I'll say this for Barbara Gordon: She's got great skin. Her chin and breasts shine!
"The Flash Presents: Mercury Falling" is a new trade paperback collecting "Impulse" #62-67. This is out of left field, isn't it? I guess it ties into the current "Flash" series, particularly with art from Ethan Van Sciver in here. I'm happy to see Todd Dezago's stories back in print. I wish they'd reprint his whole run, including the issues he did with Carlo Barberi. This one is on sale in May for $15.
"Starman Omnibus" Volume 3 his comic shops in June. Volume 2 should be out later this month, to it looks like DC is speeding up the production on these books. That's good news. At this rate, Volume 4 should hit at the very end of the year, right?
"Point Blank" is getting a new edition trade paperback in May, complete with a new Sean Phillips cover. "...this volume works as a set alongside upcoming collections of the 'Sleeper' saga," sayeth the solicitation. I guess that means my dreams of an "Absolute Sleeper" aren't going to come true? Two Absolutes and a trade aren't exactly the best-designed set.
But you can get "Absolute Promethea" Volume 1 in September, if you're planning ahead. $100 for 12 issues' worth of J.H. Williams III's magnificent art and Alan Moore's detailed and captivating stories.
Image Comics is bringing back the much-heralded "Moby Dick" adaptation by Bill Sienkiewicz and Dan Chichester. It's only $13 for 48 pages, too. I look forward to the review of this that compares it to Marvel's recent six issue adaptation of the same Herman Melville book -- that trade is out in April, as well.
Meanwhile, over at Marvel: Spider-Woman's large spandexed breasts get their own series.
"The Art of Marko Djurdjevic" hardcover promises to give epileptic seizers to web writer spell-checkers everywhere in April. I'm happy to see Marvel doing "Art Of" book, and I hope the $50 price tag doesn't scare too many people off. The book is in the oversized format. This is not a "Premiere Edition" style of hardcover.
"Hulk: Red & Green" is the second hardcover collection of Jeph Loeb's current series. It only collects issues #7-9 along with "King-Size Hulk" #1 for $20. That's a mere 112 pages. But, then, that seems to be the new price point. Other Premiere Editions that collect six issues this month are up at $25 now.
Thank goodness for Amazon, is all I can say.
Now, it's far too early to take credit for this one, but did you see "Spider-Man: Torment" getting a Premiere Edition hardcover collection? That's the first five issues of McSpidey (along with "Marvel Age" #0) for $20. It wasn't all that long ago that I asked Marvel to consider reprinting the entirety of McFarlane's run on the series. "Torment" is the only batch of issues to remain in print. Not even the Ghost Rider/Hobgoblin two-parter has ever been reprinted. Nor his black costume storyline with Morbius. Nor the Wolverine team-up. C'mon, Marvel! Get to it!
Hopefully, this book is just the beginning of that run. And I'll happily take credit for it, if it is. My ego is ginormous.
Oddly, "Deadpool Classic Volume 2" begins with "Deadpool #2." I've said it before and I'll say it again: That's not a particularly brilliant idea, Marvel.
Here's the collection I didn't think I'd see: "Spider-Man 2099" Volume 1! It's timed to coincide with some other mini-series Marvel is doing in the front half of the catalog, and will reprint the first 10 issues of the Peter David/Rick Leonardi series that was the highlight of the line for Marvel 15 years ago. While the final price clocks in at $30, this is a worthy read. If you missed it the first time, check it out now. Fun stuff.
Now, that's just the front of the catalog. The crazy thing is, all the exciting stuff for the month is in the back half, from the smaller, but very solid, publishers. Next week, I'll delve into those releases. There are a couple of Wish List type books showing up in April.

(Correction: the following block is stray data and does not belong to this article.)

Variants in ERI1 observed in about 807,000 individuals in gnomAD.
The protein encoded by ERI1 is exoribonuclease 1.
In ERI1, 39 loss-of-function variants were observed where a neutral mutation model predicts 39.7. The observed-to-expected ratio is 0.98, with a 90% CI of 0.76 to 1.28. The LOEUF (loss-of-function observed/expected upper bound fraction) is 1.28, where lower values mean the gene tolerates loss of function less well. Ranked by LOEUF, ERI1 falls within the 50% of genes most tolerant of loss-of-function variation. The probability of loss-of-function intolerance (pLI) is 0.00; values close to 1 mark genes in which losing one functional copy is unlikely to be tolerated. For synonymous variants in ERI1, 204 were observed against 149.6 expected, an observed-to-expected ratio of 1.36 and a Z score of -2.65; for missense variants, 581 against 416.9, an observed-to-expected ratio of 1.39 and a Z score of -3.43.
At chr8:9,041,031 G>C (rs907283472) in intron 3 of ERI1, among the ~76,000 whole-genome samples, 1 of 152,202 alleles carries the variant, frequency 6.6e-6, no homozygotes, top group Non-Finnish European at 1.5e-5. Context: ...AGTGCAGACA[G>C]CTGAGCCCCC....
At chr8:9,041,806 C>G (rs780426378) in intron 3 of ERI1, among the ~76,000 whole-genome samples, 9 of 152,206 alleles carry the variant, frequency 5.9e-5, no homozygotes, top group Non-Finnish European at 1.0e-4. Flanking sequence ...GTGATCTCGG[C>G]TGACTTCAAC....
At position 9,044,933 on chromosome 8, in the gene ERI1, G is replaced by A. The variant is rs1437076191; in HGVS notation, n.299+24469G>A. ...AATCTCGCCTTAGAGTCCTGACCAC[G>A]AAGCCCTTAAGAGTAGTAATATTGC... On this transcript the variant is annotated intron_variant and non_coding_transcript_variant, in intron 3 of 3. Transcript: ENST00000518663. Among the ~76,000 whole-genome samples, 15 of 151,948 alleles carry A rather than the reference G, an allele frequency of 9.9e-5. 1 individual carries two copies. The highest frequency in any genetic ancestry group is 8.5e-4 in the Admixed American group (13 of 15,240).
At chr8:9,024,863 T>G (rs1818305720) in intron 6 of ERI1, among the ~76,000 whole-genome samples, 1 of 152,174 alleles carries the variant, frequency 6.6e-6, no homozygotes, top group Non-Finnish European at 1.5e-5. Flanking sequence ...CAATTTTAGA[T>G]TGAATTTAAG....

PIPELINE PODCAST #200 (!) FOR 28 JANUARY 2009
Last week, we celebrated the 200th edition of the weekly podcast. The mathematically-inclined listeners will notice that the podcast should be closer to episode 204. The problem is, I've missed some episodes here and there for various technical and personal (illness) reasons. So it's taken me a little longer to hit 200 than some other podcasts. I can live with that. And we've had several bonus, convention, and "Previews" podcasts to fill the gaps. It all works out in the end.
Still, it's hard to believe that podcasting has been around for four years now. The community is still thriving, even if nobody's quite figured out where all the money is. Someday, someone will. And then a flood of imitators will swamp everything. UGH
I did away with the top ten list for last week's show. I just didn't see enough differential between ten books to honestly rank them. Instead, I ran up and down the release list and riffed on what I saw. I'm happy with the results and imagine I'll return to that format in the future. Let me know what your preference is. My email address link is at the bottom of this column.
In the meantime, you can download last week's 12 minute show here. It'll run you 4 megabytes or so.
Thanks, all, for listening over the past few years. I'm still having fun, technical issue notwithstanding. So keep coming back every week!
â€¨Next week: More from "Previews," and another review or two.
AugieShoots.com is wrapping up its run of pictures from the New York Comic-Con of 2008. After that, we'll get to bird pictures, self-portraits, and more!
Don't forget to check out my Google Reader Shared Items this week. It's the best of my daily feed reading, now with commentary!
The Various and Sundry blog carries on, though still a little slowly in 2009.
My Twitter stream is like my public e-mail box. I check it daily, looking for responses and new conversational threads. Heck, you're more likely to hear back from me if you ask me something on Twitter than my own e-mail box.
More than 800 columns -- more than eleven years' worth -- are archived here at CBR and you can get to them from the Pipeline Archive page. They're sorted chronologically.